Office-Based Physicians Want In-Clinic Laboratories

Consultant says number of POLs is growing as doctors seek more revenue from ancillary services

CEO SUMMARY: Interest by office-based physicians in creating an in-clinic medical testing laboratory is on the increase. This has direct consequences for independent commercial labs, hospital lab outreach programs, and anatomic pathology groups, since office- based physicians are a primary source of lab test referrals. One consultant says that 60% to 70% of the volume of tests going out of many physicians’ offices are routine tests that can be done in a physician office laboratory (POL).

THESE DAYS, GROWING NUMBERS of office-based physicians are taking steps to build and operate a clinical laboratory capable of moderately complex testing in their medical practice. That’s the experience of a consultant who advises physicians on the set up and operation of in-clinic laboratories.

This trend has serious implications for the laboratory testing industry. It is the test referrals of office-based physicians that represent the largest competitive market segment for independent commercial lab companies, hospital laboratory outreach programs and anatomic pathology groups.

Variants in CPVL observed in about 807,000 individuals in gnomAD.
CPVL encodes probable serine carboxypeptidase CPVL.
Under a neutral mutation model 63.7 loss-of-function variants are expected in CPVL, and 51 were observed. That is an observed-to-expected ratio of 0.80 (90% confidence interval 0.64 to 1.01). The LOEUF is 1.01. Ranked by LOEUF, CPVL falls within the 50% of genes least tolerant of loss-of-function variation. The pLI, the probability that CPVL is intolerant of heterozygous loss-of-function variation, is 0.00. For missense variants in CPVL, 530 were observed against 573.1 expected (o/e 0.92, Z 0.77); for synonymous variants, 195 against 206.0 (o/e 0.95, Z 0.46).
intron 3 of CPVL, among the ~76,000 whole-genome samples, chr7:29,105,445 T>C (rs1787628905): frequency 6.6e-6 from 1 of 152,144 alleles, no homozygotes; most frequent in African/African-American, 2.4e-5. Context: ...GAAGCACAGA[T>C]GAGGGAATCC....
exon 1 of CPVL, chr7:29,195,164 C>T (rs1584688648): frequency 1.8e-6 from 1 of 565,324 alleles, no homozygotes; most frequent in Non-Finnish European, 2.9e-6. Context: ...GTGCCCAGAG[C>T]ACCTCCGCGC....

Thus, were large numbers of medical groups to establish an in-clinic medical laboratory capable of doing complex lab testing, this would reduce the volume of lab specimens these physicians refer to independent commercial laboratories.

In the next few years, a greater number of POLs (physician office laboratories) running complex testing could noticeably erode the current number of test referrals flowing from office-based physicians to their lab testing providers.

“In my consulting practice, I see two primary reasons why physicians decide to create an in-office laboratory,” stated Tim Dumas, CLS, of Raleigh, North Carolina, who calls his POL consulting practice Tim The Lab Guy (www.timthelabguy.com). “First are the clinical benefits of having an in-office laboratory. Second are the financial benefits of offering this ancillary service.